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Drink that fizz out
Sangeeta Singh |
June 25, 2005
Dabur Foods and PepsiCo, market leaders in the Rs 180 crore (Rs 1.8 billion) juice industry, need to watch out this summer, for the heat may scorch them. There are no less than 10 other non-carbonated drinks in the market, four or five in the juice segment itself.
Top on the list of newcomers are Tuk 3, Kohinoor and B Natural. While Kohinoor comes as a guava-apple mix, B Natural is a mixed fruit cocktail with apple, strawberry and banana.
To wean customers from their usual apple or orange juices, these players are not only offering fruit concoctions but also offers like buy-one-get-one free and have flooded the shelves of superstores.
Not just that. Biggies like Hindustan Lever and Amul have launched their new drinks and are cashing in on their distribution networks to make quick inroads all over India.
While Amul's Masti Spiced Buttermilk is available even at the Vaishno Devi shrine, Lipton Ice Tea is selling in metros and mini metros. Besides, energy and health drinks are proving good alternatives to high-calorie carbonated waters.
Cashing in on the trend of young consumers looking for healthy products, Hindustan Lever Limited has launched a 250-ml glass bottle of iced tea for Rs 9.
The company is targetting young adults in the 18-28 year age group. "Out of home and on the go consumption among the younger generation is increasing and Lipton Ice Tea, which offers natural vitality, responds to this," says an HLL spokesperson.
To give its consumers a truly international experience, Lipton IceTea is also available in 245 ml cans, 200 ml vending cups and one-litre tetrapacks for Rs 20, Rs 10 and Rs 49 respectively.
Gujarat Milk Cooperative Marketing Federation's Masti Spiced Buttermilk (masala chhach) is being retailed across the country through its 3,000 odd distribtutors. And with the consumers' ever-growing craze for healthy food, this sub-50 calorie drink has caught on very well.
Priced democratically at Rs 5 for a 200 ml pack, this drink is also helping BJP workers maintain their cool and is liberally being served at the party headquarters in Delhi.
Then there is Mother Dairy's Safal brand which is seen as a major competitor. Mother Dairy claims Safal offers absolute value for money. It sell its one litre juice under the brand name Safal at Rs 60. Dabur's Real and PepsiCo's Tropicana are in the Rs 65 plus category.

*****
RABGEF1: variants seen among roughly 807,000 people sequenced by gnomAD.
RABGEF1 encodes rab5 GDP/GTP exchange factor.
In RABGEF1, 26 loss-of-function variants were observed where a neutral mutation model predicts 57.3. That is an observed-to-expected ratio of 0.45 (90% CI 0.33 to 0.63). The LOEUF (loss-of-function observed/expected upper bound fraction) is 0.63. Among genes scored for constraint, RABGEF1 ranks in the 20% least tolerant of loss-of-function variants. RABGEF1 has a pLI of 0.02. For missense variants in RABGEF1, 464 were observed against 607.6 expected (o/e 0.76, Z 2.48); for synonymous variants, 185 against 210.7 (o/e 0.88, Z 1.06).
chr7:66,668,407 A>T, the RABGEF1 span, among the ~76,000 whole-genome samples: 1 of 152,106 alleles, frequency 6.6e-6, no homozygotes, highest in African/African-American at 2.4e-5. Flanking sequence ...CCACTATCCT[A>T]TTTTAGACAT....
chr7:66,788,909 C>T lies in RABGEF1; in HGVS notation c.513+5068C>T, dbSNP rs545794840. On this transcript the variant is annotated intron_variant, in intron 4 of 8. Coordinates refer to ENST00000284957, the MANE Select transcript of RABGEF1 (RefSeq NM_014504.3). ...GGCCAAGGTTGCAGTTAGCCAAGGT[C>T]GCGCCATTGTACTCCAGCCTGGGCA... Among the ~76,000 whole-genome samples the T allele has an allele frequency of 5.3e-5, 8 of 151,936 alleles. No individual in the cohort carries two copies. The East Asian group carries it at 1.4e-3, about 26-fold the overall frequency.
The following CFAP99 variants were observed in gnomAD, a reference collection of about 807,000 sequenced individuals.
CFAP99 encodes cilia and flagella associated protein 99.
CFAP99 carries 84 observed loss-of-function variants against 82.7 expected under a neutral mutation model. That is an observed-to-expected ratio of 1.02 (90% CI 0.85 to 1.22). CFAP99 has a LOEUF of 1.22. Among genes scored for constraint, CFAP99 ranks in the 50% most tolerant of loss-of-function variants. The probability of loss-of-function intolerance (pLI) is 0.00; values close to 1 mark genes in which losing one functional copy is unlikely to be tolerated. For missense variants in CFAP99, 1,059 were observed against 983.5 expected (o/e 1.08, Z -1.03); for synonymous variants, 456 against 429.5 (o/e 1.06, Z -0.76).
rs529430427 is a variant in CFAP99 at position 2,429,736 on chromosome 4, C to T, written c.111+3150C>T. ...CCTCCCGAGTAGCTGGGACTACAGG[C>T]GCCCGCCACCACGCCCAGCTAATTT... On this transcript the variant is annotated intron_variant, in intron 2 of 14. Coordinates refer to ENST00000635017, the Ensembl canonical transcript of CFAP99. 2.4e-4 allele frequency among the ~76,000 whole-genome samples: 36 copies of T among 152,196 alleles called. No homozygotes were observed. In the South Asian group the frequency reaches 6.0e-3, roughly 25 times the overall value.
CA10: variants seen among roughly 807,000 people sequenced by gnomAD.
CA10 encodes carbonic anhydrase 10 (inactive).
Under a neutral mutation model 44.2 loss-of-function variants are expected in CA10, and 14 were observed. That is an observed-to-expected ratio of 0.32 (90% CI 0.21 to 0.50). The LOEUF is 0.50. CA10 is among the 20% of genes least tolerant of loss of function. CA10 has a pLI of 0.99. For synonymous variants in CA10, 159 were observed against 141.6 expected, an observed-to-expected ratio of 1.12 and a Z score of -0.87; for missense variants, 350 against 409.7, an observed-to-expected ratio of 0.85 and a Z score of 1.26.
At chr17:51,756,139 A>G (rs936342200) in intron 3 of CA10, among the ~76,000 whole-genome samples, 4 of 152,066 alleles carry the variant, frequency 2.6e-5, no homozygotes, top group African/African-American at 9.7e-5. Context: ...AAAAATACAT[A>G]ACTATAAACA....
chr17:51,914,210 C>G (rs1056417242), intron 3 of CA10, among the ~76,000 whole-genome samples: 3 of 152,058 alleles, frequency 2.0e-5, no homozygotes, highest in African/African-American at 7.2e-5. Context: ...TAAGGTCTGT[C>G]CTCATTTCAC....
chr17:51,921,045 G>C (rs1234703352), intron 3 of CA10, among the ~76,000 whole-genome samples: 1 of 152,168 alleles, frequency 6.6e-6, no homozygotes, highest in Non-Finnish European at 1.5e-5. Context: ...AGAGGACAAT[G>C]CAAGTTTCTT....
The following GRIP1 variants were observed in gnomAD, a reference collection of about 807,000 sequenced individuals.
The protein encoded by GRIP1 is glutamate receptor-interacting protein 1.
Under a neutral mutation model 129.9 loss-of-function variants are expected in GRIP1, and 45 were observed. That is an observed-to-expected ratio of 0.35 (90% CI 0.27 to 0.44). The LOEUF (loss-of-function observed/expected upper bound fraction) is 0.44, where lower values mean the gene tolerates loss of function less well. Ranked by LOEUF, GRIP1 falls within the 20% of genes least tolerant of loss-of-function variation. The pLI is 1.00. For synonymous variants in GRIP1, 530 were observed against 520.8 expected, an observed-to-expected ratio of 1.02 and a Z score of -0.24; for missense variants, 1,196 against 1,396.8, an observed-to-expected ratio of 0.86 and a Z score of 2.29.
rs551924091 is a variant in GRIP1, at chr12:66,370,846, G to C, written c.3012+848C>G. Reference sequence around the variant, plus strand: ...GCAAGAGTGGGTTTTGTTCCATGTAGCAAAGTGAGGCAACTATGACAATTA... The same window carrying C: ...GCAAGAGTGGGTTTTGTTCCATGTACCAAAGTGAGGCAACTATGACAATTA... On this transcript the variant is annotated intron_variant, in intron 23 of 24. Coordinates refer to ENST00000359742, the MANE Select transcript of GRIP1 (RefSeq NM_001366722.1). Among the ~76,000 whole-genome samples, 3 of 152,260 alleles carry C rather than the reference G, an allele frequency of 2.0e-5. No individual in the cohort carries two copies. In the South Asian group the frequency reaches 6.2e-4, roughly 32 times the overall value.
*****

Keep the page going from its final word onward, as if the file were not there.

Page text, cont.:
This season the company is introducing mango and guava variants. And Paul Thachil, CEO, Mother Dairy is hopeful that Safal can be one of the largest selling juices because of its distribution network and low price. "With 1,400 outlets and Safal being 10-15 per cent cheaper than its competitors, we have an edge," says Thachil.
But PepsiCo has not given up as far as adding novelty is concerned. It has added mango and guava nectar flavours to its Tropicana range. Also, it's launched a special edition of Mirinda, the Batman Blast Berry Fusion for two months, as an in-and-out drink.
The drink is a combination of grapes and black currant, and according to Lloyd Mathias, executive vice president, PepsiCo, is based on thorough research. However, Pepsi's idea is different; it is to commemorate the release of the Hollywood blockbuster Batman Begins.
These drinks are available in 200, 300 and 600 mls priced at Rs 6, 8 and 18 respectively. "The special edition is Pepsi's endeavour to offer its customers something new. For instance, we launched Pepsi Blue during the world cup," says Mathias.
Again, Dabur Foods's Real, which claims a 60 per cent marketshare, has added lemon-barley and muskmelon variants to add to the Coolers range of aampanna, pomegranate and watermelon this summer.
Dabur does sales of Rs 7 crore (Rs 70 million) out of its Rs 110 crore (Rs 1.10 billion) juice business. It has also experimented with combining fruits and vegetables, and has just launched orange-carrot-mixed fruit, cucumber-spinach-mixed fruit and beetroot-carrot-mixed fruit juices.
With prices in the Rs 65-68 /litre range for most of the brands and Rs 78 for the new fruit-vegetable category, Real juices are perceived to be expensive.
"Not really, Tropicana is more expensive than us. Besides, we are still the largest player in the juice segment. That illustrates that people are ready to pay for quality," says Amit Burman, CEO, Dabur Foods.
Dabur and Tropicana also seem to have withstood competition in the past, when Leh Berry with seabuckthorn made waves in the market two years back.
If market sources are to be believed, Ladakh Foods, the company making Leh Berry, ran into problems with the Jammu & Kashmir government over sourcing of seabuckthorn. But for those hooked on to seabuckthorn, there is hope in Tuk 3, which uses this.
For sportsmen and gymmers, Austrian energy drink Fullpower has made inroads into India. Priced at Rs 75 for a 250 ml can and with just 42 calories, the drink may give the existing energy drink, Red Bull which sells at Rs 95, stiff competition.
"Loaded with vitamins, taurine, caffeine and glucuronolactone, it does not only replenish our essential body fluids but also gives us more energy," says Ajay Hasija, managing director, Fullpower.
The company is currently selling through retail outlets in metros and Hasija claims 70,000 cases have already been sold since its launch in February.
Fullpower is also aiming to sell the drink through outlets in gymnasiums and sports complexes. Red Bull or Fullpower are also being used by bartenders for making cocktails.
Since only 15-20 per cent of the people are juice-drinkers, there is room for the market to expand. And with all the choice, prices are bound to come down as well.It's a win-win situation -- only, despite all the innovation, the names seem to be getting sillier and sillier. What does Tuk 3 mean?